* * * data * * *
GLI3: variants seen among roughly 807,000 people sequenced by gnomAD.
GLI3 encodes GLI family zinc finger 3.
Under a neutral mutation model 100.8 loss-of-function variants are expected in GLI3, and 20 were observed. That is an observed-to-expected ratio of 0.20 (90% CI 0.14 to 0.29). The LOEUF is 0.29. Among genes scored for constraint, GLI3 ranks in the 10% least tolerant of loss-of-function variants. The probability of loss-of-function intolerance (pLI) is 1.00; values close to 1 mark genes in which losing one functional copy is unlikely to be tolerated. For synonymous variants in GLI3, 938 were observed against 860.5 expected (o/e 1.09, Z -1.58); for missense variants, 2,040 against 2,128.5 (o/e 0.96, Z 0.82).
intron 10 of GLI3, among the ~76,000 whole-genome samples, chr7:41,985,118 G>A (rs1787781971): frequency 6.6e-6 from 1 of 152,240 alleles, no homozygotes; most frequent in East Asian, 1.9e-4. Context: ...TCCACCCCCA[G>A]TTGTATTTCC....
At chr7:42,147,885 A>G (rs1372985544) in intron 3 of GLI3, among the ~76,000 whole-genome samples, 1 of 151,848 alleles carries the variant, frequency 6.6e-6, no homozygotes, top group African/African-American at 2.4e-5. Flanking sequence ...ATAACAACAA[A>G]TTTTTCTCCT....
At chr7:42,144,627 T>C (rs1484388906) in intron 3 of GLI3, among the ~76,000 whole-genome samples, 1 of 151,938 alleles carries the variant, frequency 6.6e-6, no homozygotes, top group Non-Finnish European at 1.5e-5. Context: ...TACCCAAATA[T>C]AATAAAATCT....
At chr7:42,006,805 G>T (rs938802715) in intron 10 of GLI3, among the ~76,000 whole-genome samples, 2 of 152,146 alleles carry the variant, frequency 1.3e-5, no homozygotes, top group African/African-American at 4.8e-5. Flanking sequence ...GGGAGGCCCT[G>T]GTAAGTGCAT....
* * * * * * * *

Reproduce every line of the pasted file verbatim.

GLI3: variants seen among roughly 807,000 people sequenced by gnomAD.
GLI3 encodes GLI family zinc finger 3.
Under a neutral mutation model 100.8 loss-of-function variants are expected in GLI3, and 20 were observed. That is an observed-to-expected ratio of 0.20 (90% CI 0.14 to 0.29). The LOEUF is 0.29. Among genes scored for constraint, GLI3 ranks in the 10% least tolerant of loss-of-function variants. The probability of loss-of-function intolerance (pLI) is 1.00; values close to 1 mark genes in which losing one functional copy is unlikely to be tolerated. For synonymous variants in GLI3, 938 were observed against 860.5 expected (o/e 1.09, Z -1.58); for missense variants, 2,040 against 2,128.5 (o/e 0.96, Z 0.82).
intron 10 of GLI3, among the ~76,000 whole-genome samples, chr7:41,985,118 G>A (rs1787781971): frequency 6.6e-6 from 1 of 152,240 alleles, no homozygotes; most frequent in East Asian, 1.9e-4. Context: ...TCCACCCCCA[G>A]TTGTATTTCC....
At chr7:42,147,885 A>G (rs1372985544) in intron 3 of GLI3, among the ~76,000 whole-genome samples, 1 of 151,848 alleles carries the variant, frequency 6.6e-6, no homozygotes, top group African/African-American at 2.4e-5. Flanking sequence ...ATAACAACAA[A>G]TTTTTCTCCT....
At chr7:42,144,627 T>C (rs1484388906) in intron 3 of GLI3, among the ~76,000 whole-genome samples, 1 of 151,938 alleles carries the variant, frequency 6.6e-6, no homozygotes, top group Non-Finnish European at 1.5e-5. Context: ...TACCCAAATA[T>C]AATAAAATCT....
At chr7:42,006,805 G>T (rs938802715) in intron 10 of GLI3, among the ~76,000 whole-genome samples, 2 of 152,146 alleles carry the variant, frequency 1.3e-5, no homozygotes, top group African/African-American at 4.8e-5. Flanking sequence ...GGGAGGCCCT[G>T]GTAAGTGCAT....